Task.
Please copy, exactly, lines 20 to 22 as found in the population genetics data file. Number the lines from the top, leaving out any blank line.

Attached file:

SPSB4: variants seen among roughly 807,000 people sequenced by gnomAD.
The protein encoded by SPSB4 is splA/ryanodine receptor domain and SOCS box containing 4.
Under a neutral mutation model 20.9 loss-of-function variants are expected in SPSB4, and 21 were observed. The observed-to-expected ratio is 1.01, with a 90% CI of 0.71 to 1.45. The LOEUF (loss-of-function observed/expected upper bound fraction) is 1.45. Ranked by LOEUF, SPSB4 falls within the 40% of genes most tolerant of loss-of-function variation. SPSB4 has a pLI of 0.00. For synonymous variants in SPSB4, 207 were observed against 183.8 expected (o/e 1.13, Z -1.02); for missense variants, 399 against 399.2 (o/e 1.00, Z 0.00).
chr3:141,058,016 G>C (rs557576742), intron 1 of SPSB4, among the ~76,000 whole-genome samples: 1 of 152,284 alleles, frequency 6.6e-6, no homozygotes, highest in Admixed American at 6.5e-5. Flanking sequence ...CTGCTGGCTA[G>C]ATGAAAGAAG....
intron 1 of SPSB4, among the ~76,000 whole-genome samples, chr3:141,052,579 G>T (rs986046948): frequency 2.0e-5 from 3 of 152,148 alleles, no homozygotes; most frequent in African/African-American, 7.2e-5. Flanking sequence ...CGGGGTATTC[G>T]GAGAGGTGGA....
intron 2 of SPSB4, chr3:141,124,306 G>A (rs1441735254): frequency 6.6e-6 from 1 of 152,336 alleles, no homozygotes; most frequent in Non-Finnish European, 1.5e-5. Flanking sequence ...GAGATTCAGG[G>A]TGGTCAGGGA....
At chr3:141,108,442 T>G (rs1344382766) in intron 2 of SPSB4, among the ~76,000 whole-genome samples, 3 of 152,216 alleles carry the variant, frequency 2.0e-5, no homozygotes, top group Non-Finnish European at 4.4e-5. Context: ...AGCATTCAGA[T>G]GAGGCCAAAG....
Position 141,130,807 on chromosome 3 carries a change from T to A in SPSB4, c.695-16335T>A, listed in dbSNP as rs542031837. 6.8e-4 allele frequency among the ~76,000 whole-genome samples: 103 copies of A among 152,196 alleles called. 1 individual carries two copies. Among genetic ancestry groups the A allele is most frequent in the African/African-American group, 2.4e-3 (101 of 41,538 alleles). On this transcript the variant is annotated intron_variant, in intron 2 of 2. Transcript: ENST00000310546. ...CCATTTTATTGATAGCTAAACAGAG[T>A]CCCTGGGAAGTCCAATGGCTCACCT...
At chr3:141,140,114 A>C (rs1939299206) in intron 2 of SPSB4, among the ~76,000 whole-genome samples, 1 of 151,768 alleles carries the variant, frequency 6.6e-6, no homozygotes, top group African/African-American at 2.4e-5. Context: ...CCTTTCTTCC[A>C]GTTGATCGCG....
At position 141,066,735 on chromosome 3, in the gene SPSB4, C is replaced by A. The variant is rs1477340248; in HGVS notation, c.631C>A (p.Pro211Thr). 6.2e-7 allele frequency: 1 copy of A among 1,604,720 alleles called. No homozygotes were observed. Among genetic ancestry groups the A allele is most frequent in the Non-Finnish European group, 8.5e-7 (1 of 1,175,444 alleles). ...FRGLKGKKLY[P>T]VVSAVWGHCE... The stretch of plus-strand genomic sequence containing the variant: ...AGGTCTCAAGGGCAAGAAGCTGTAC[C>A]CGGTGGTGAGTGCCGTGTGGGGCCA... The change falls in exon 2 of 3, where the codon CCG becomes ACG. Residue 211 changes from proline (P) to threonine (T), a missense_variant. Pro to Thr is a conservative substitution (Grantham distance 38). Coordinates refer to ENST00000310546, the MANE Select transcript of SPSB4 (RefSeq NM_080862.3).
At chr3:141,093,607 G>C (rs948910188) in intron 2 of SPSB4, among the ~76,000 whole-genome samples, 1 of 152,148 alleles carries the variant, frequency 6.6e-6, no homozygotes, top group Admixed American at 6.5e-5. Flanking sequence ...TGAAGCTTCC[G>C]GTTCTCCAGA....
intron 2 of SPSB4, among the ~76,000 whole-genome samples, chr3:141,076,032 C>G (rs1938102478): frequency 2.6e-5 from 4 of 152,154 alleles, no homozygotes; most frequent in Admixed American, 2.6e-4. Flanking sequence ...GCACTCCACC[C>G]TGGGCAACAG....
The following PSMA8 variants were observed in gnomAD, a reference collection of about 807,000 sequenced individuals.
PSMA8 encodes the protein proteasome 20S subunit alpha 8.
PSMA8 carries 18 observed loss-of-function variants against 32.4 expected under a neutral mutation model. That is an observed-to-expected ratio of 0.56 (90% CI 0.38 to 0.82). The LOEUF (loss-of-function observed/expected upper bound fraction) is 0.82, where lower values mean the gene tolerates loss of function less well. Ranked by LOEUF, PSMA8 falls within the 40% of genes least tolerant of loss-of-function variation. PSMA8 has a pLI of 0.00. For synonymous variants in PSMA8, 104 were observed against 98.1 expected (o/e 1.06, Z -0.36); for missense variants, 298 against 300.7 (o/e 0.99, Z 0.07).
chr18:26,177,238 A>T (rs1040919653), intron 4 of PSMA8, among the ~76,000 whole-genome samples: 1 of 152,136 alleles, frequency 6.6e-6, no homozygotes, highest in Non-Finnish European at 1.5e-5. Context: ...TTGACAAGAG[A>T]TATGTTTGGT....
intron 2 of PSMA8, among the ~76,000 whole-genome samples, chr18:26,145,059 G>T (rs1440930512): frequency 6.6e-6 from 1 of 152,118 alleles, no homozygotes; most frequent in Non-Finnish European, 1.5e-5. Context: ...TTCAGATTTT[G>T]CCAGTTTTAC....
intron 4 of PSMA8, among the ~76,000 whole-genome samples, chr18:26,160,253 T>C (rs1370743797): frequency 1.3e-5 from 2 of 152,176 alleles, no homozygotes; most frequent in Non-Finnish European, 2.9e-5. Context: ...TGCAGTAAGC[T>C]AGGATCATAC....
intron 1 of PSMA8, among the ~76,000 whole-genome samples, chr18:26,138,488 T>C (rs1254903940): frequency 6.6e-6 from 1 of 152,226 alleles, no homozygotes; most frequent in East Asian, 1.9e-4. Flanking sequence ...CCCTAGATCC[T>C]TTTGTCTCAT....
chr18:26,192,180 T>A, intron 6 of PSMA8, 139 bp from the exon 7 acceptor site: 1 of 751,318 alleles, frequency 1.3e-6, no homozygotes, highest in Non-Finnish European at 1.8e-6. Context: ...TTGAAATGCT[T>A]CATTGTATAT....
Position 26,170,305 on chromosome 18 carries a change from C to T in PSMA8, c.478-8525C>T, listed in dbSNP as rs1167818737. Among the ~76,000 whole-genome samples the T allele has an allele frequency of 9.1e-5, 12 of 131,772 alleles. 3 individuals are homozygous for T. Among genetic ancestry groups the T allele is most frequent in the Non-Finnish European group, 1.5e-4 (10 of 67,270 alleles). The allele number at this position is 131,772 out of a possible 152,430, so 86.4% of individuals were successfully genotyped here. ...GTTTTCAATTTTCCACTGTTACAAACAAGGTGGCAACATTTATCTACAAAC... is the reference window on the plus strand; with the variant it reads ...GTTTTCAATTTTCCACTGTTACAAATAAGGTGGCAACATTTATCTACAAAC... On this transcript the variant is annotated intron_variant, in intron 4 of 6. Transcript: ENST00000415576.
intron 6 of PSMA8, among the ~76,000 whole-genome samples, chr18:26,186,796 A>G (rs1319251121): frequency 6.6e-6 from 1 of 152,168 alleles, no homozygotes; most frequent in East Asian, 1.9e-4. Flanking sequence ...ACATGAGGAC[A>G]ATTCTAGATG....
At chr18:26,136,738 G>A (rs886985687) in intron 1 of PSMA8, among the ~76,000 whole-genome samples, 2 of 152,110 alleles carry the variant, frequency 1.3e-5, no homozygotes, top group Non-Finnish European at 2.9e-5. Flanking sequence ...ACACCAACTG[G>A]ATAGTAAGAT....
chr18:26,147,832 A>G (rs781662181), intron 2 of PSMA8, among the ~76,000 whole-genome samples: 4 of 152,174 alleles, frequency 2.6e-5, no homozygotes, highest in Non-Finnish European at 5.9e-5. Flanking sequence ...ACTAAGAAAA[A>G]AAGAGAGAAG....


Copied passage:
chr18:26,192,180 T>A, intron 6 of PSMA8, 139 bp from the exon 7 acceptor site: 1 of 751,318 alleles, frequency 1.3e-6, no homozygotes, highest in Non-Finnish European at 1.8e-6. Context: ...TTGAAATGCT[T>A]CATTGTATAT....
Position 26,170,305 on chromosome 18 carries a change from C to T in PSMA8, c.478-8525C>T, listed in dbSNP as rs1167818737. Among the ~76,000 whole-genome samples the T allele has an allele frequency of 9.1e-5, 12 of 131,772 alleles. 3 individuals are homozygous for T. Among genetic ancestry groups the T allele is most frequent in the Non-Finnish European group, 1.5e-4 (10 of 67,270 alleles). The allele number at this position is 131,772 out of a possible 152,430, so 86.4% of individuals were successfully genotyped here. ...GTTTTCAATTTTCCACTGTTACAAACAAGGTGGCAACATTTATCTACAAAC... is the reference window on the plus strand; with the variant it reads ...GTTTTCAATTTTCCACTGTTACAAATAAGGTGGCAACATTTATCTACAAAC... On this transcript the variant is annotated intron_variant, in intron 4 of 6. Transcript: ENST00000415576.
intron 6 of PSMA8, among the ~76,000 whole-genome samples, chr18:26,186,796 A>G (rs1319251121): frequency 6.6e-6 from 1 of 152,168 alleles, no homozygotes; most frequent in East Asian, 1.9e-4. Flanking sequence ...ACATGAGGAC[A>G]ATTCTAGATG....